youth, and was caused by the agent of which he had become so thoroughly
master. Many loyal friends mourn his absence, and the heartfelt sympathy
of all was extended in loving remembrance to his bereaved family. He held
membership in the Methodist Episcopal church, and belonged to the Mill
Village Lodge, No. 349, Independent Order of Odd Fellows, the services
at his grave being conducted according to the burial ritual of that order.
Representatives of his Bucknell fraternity, the Demosthenean, attended his


funeral, Rev. George W. Middleton, Professor W. K. Rhodes, and C. R.
Dooley, the latter the representative of the Westinghouse Company, taking
part in the services.

John Hunter and wife came to America from Ireland in the
HUNTER year 1774 and settled near Pittsburgh, Pennsylvania. His
wife, Jane (Smith) Hunter, was a sister of James Smith,
one of the signers of the Declaration of Independence. He was a success-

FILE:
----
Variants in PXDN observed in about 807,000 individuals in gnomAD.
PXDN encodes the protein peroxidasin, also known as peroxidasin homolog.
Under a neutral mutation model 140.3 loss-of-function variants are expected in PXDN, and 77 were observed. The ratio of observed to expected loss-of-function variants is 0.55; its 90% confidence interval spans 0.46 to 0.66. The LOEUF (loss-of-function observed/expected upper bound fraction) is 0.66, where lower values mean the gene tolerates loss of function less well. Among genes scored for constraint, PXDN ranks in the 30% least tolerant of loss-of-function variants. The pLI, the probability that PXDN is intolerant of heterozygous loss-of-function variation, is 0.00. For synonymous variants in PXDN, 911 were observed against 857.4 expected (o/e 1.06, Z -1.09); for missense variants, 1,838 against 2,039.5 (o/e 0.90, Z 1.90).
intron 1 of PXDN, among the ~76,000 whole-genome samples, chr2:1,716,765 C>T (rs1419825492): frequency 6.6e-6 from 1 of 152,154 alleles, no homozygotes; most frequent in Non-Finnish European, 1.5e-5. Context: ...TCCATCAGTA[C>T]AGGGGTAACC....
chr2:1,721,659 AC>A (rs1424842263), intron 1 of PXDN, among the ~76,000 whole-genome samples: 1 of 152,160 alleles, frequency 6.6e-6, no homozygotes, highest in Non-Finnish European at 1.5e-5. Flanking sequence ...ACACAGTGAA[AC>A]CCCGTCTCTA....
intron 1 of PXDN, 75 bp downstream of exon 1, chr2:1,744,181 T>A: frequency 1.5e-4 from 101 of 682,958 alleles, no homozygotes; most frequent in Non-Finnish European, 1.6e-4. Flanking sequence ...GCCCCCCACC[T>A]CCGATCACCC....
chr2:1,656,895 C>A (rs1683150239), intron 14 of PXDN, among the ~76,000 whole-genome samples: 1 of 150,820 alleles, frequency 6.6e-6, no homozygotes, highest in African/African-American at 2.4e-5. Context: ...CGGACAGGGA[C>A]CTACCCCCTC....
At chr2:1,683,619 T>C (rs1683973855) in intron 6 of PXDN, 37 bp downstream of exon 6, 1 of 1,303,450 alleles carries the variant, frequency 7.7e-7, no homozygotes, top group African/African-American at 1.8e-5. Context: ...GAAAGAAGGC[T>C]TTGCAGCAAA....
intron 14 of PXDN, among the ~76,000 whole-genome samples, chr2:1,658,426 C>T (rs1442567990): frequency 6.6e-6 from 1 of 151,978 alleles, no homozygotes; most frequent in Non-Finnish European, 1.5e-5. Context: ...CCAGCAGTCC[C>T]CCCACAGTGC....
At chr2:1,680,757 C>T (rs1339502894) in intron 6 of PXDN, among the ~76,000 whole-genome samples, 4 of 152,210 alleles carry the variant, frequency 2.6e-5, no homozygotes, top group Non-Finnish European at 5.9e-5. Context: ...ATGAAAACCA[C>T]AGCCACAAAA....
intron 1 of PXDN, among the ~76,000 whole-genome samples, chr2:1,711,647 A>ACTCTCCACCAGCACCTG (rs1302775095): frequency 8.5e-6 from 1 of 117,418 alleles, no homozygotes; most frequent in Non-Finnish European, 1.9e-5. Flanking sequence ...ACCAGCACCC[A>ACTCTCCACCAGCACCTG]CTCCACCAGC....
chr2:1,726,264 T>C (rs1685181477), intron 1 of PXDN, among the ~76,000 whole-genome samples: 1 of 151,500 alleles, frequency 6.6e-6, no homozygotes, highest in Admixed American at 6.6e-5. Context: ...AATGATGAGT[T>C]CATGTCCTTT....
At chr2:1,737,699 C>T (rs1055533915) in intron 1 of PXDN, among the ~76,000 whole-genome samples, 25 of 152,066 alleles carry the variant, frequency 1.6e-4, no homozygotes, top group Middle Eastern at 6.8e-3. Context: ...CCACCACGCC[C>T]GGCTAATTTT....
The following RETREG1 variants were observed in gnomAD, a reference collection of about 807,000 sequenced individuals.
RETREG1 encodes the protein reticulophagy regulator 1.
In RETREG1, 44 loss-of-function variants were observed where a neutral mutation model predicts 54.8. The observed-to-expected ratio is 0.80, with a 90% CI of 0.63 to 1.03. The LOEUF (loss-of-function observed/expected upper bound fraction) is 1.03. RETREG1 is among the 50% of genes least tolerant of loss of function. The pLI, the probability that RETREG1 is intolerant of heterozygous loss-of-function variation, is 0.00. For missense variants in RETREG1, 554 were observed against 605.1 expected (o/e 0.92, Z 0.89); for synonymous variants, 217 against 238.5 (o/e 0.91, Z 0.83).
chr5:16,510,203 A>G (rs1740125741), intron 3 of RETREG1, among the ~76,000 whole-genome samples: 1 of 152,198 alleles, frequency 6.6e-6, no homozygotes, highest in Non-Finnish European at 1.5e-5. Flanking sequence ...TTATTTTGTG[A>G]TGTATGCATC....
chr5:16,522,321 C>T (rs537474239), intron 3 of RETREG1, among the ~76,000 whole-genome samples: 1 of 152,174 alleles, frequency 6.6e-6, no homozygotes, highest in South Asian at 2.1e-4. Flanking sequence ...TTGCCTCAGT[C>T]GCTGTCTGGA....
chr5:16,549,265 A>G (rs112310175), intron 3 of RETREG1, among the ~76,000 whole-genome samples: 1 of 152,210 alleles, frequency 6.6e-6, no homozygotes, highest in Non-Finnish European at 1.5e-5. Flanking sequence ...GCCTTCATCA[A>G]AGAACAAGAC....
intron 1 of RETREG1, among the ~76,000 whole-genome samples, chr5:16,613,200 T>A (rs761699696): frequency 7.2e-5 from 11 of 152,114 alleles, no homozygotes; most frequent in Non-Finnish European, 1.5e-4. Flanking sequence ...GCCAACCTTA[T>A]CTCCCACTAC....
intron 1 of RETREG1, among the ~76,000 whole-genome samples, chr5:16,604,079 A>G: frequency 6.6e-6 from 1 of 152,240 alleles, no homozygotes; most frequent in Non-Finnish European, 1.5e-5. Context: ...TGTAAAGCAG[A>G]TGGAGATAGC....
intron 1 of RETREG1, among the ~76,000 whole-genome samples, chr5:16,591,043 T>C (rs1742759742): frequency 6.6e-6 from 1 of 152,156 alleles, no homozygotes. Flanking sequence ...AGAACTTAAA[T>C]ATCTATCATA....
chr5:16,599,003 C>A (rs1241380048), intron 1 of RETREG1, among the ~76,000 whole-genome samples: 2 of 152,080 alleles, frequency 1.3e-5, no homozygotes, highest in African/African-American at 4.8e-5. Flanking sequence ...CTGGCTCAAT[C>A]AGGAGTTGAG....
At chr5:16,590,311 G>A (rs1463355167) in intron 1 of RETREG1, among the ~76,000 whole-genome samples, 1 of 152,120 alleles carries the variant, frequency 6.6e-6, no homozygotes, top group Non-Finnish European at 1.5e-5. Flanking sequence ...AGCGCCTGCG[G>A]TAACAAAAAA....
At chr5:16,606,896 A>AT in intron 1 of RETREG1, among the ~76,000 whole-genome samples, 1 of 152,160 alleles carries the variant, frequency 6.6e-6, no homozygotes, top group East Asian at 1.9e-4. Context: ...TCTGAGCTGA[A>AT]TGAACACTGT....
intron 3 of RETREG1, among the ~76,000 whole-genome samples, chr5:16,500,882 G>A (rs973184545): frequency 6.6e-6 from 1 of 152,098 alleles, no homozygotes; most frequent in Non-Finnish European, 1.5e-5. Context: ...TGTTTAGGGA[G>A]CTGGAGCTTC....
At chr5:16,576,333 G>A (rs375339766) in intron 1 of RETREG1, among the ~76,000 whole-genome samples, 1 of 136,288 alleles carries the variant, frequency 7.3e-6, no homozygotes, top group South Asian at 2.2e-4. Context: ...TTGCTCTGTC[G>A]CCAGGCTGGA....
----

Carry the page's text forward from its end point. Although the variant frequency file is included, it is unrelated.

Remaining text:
ful farmer and a man of great influence in the community. He was a mem-
ber of the Lutheran church. To this union were born seven children : James,
of further mention ; Mary, Jane, Isabelle, David, John and William.

;^ James Hunter and his father, John Hunter, purchased from the Holland
Land Company, October 21, 1800, a tract of land consisting of 412 acres
(strict measure), each taking 206 acres, dividing in half lengthwise of tract.
This tract is situated three miles east of Meadville in District No. 2, com-
monly called Powers Tract, being a part of tract of land called Hall's Tract.
This was surveyed the 15th day of June, 1794, in pursuance of a warrant
granted to Chasper Hall, by him conveyed to the parties of the first part,
confirmed by patent, February 16, 1799, enrolled in Rolls Office in Patent
Book No. 30, on page 40, complying in comformity to the Act of April 3,
1792, viz: "To erect or cause to be erected fit for the habitation of man
and to reside or cause a family to reside therein and to clear and fence
at least eight acres of said land, all of which the said James Hunter and
his father, John, has alleged he hath done. Identitor of Deed given by the
Holland Land Company for this tract of land one year later, December
10, 1801."

(II) James Hunter, son of John and Jane (Smith) Hunter, was bom
near Pittsburgh, in 1775, and died in Crawford county, Pennsylvania, in
1865, at the old Hunter homestead, of further mention. He was also very
successful as a farmer and business man and highly respected among his